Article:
I'm Aaron, I've done Uni group organizing at the Claremont Colleges for a bit. Current cause prioritization is AI Alignment.
Due to current outsourcing being of data labeling, I think one of the issues you express in the post is very unlikely:
My general worry is that in future, the global south shall become the training ground for more harmful AI projects that would be prohibited within the Global North. Is this something that I and other people should be concerned about?
Maybe there's an argument about how:
This is possible, but my best guess is that low wages are the primary reason for current outsourcing.
Additionally, as noted by Larks, outsourcing data-centers is going to be much more difficult, or at least take a long time, compared to outsourcing data-labeling, so we should be less worried that companies could effectively get around laws by doing this.
This line of argument suggests that slow takeoff is inherently harder to steer. Because pretty much any version of slow takeoff means that the world will change a ton before we get strongly superhuman AI.
I'm not sure I agree that the argument suggests that. I'm also not sure slow takeoff is harder to steer than other forms of takeoff — they all seem hard to steer. I think I messed up the phrasing because I wasn't thinking about it the right way. Here's another shot:
Widespread AI deployment is pretty wild. If timelines are short, we might get attempts at AI takeover before we have widespread AI deployment. I think attempts like this are less likely to work than attempts in a world with widespread AI deployment. This is thinking about takeoff in the sense of deployment impact on the world (e.g., economic growth), rather than in terms of cognitive abilities.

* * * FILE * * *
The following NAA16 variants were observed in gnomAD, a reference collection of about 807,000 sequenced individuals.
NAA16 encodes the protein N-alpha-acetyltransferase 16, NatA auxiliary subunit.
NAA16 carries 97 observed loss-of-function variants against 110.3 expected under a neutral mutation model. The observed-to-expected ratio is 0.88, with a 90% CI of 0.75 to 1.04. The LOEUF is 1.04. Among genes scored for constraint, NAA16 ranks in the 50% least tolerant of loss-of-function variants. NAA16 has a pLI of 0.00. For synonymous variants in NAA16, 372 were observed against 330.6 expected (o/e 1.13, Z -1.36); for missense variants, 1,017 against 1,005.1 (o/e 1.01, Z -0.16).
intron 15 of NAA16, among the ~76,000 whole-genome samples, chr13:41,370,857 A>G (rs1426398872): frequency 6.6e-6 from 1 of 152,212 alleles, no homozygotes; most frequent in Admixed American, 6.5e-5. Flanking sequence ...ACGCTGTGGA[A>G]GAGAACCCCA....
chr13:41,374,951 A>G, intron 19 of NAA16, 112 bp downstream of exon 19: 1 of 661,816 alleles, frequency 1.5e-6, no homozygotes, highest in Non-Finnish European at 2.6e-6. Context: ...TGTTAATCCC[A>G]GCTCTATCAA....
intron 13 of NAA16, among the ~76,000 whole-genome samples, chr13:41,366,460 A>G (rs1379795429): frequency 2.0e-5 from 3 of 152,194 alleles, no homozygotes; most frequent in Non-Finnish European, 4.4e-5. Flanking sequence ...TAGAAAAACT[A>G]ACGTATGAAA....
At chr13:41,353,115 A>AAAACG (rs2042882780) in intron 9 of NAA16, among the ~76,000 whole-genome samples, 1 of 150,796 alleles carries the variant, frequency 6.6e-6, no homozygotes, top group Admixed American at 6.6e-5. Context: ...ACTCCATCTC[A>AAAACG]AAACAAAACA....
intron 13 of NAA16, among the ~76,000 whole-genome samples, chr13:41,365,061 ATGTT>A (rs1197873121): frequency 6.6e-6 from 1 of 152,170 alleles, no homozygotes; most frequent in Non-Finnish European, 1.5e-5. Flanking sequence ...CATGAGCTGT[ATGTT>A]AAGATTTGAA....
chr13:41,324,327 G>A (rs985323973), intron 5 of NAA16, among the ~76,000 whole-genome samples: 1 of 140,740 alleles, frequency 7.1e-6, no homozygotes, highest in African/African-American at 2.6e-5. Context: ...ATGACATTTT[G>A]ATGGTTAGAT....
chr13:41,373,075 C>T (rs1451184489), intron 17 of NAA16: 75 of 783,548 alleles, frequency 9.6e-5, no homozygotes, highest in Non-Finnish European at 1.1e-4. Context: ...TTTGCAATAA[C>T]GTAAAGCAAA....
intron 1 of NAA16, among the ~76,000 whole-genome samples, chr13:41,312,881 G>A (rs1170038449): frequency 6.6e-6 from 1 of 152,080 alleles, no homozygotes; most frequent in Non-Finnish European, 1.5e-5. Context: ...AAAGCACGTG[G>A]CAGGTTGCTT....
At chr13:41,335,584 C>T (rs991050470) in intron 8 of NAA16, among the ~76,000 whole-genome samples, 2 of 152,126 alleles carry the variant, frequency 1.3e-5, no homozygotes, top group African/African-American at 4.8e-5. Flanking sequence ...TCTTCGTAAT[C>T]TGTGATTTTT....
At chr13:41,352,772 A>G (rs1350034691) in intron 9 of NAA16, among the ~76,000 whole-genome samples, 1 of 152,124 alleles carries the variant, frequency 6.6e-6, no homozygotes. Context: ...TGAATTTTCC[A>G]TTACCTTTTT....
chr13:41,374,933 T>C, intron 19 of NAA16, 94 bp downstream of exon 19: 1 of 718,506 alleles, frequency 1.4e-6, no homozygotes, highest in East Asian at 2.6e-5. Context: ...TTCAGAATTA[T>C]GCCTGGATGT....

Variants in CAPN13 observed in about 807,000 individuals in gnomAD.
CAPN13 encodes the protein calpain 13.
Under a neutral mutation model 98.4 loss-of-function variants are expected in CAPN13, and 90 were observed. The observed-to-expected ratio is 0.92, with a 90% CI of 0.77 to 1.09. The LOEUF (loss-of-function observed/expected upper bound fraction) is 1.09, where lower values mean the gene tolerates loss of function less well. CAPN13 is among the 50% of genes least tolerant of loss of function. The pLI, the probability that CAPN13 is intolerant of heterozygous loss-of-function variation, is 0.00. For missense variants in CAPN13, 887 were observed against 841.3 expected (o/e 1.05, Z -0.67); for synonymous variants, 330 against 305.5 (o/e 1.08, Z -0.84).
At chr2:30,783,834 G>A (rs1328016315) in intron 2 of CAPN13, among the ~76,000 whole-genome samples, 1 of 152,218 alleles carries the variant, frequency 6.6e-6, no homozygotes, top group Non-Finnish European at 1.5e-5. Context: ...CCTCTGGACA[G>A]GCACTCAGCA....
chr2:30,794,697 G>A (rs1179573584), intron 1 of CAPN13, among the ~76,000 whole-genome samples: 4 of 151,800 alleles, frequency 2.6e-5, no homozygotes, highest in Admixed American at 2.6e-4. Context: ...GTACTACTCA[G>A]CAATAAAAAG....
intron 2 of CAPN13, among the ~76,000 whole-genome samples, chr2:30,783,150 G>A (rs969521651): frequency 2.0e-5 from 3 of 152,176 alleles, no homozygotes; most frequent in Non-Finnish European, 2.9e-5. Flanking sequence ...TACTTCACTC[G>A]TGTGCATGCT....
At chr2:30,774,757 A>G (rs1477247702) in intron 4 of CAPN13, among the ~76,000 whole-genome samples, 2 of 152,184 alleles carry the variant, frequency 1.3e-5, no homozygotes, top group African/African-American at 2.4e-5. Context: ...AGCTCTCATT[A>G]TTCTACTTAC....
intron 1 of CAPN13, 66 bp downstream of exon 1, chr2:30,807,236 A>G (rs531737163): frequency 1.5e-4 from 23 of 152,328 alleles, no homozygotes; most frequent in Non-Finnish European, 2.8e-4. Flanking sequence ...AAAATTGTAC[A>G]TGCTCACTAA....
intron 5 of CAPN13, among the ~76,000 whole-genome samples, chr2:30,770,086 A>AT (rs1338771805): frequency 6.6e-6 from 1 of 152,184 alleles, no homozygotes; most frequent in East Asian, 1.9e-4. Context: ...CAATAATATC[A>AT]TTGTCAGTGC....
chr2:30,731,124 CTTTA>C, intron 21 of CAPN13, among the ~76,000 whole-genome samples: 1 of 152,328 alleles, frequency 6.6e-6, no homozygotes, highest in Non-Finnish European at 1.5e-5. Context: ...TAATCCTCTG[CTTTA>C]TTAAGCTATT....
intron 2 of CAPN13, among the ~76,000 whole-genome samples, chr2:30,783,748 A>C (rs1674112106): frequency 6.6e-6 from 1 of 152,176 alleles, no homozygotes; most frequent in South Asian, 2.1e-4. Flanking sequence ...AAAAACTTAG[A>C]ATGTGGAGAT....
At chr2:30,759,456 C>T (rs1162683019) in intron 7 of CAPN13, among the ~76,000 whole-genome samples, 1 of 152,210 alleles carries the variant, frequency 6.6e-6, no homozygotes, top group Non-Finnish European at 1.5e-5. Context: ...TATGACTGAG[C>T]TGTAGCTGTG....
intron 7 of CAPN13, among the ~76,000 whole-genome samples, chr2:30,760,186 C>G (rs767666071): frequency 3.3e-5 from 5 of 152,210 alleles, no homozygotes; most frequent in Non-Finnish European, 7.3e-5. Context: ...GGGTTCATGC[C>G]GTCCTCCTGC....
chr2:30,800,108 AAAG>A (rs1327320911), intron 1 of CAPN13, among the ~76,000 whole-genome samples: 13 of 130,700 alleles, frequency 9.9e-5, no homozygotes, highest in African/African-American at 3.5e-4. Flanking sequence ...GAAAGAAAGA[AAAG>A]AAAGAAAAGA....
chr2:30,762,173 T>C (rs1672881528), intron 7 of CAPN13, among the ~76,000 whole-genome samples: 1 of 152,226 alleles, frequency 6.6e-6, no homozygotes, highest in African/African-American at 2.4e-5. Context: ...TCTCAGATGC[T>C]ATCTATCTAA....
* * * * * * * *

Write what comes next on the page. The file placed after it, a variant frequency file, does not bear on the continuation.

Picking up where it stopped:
On a related note, slow takeoff worlds are harder to steer in the sense that the proportion of influence on AI from x-risk oriented people probably goes down because the rest of the world gets involved, also the neglectedness of AI safety research probably drops; this is why some folks have considered conditioning their work on e.g., high p(doom).
Thanks for your comments! I probably won't reply to the others as I don't think I have much to add, they seem reasonable, though I don't fully agree.
I think these don’t bite nearly as hard for conditional pauses, since they occur in the future when progress will be slower
Your footnote is about compute scaling, so presumably you think that's a major factor for AI progress, and why future progress will be slower. The main consideration pointing the other direction (imo) is automated researchers speeding things up a lot. I guess you think we don't get huge speedups here until after the conditional pause triggers are hit (in terms of when various capabilities emerge)? If we do have the capabilities for automated researchers, and a pause locks these up, that's still pretty massive (capability) overhang territory.